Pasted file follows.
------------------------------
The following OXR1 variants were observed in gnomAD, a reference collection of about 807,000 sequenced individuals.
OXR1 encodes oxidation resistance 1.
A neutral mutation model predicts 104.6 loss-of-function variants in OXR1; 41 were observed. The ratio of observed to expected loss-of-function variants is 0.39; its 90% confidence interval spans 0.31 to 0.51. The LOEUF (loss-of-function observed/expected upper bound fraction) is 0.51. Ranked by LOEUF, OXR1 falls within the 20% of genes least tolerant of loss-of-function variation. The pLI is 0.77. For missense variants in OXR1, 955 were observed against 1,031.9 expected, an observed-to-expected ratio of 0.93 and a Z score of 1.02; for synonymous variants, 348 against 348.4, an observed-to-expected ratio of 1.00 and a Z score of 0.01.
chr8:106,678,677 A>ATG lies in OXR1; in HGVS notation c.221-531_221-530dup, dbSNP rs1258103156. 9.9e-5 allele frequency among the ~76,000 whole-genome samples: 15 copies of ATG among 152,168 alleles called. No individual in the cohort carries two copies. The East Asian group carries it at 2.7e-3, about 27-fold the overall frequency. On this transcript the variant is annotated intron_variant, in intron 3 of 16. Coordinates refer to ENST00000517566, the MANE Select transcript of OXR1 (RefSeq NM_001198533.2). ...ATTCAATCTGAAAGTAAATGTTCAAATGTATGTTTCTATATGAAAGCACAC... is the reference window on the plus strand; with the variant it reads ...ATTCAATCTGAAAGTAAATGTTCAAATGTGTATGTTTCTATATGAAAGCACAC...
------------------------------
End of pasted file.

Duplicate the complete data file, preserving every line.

The following OXR1 variants were observed in gnomAD, a reference collection of about 807,000 sequenced individuals.
OXR1 encodes oxidation resistance 1.
A neutral mutation model predicts 104.6 loss-of-function variants in OXR1; 41 were observed. The ratio of observed to expected loss-of-function variants is 0.39; its 90% confidence interval spans 0.31 to 0.51. The LOEUF (loss-of-function observed/expected upper bound fraction) is 0.51. Ranked by LOEUF, OXR1 falls within the 20% of genes least tolerant of loss-of-function variation. The pLI is 0.77. For missense variants in OXR1, 955 were observed against 1,031.9 expected, an observed-to-expected ratio of 0.93 and a Z score of 1.02; for synonymous variants, 348 against 348.4, an observed-to-expected ratio of 1.00 and a Z score of 0.01.
chr8:106,678,677 A>ATG lies in OXR1; in HGVS notation c.221-531_221-530dup, dbSNP rs1258103156. 9.9e-5 allele frequency among the ~76,000 whole-genome samples: 15 copies of ATG among 152,168 alleles called. No individual in the cohort carries two copies. The East Asian group carries it at 2.7e-3, about 27-fold the overall frequency. On this transcript the variant is annotated intron_variant, in intron 3 of 16. Coordinates refer to ENST00000517566, the MANE Select transcript of OXR1 (RefSeq NM_001198533.2). ...ATTCAATCTGAAAGTAAATGTTCAAATGTATGTTTCTATATGAAAGCACAC... is the reference window on the plus strand; with the variant it reads ...ATTCAATCTGAAAGTAAATGTTCAAATGTGTATGTTTCTATATGAAAGCACAC...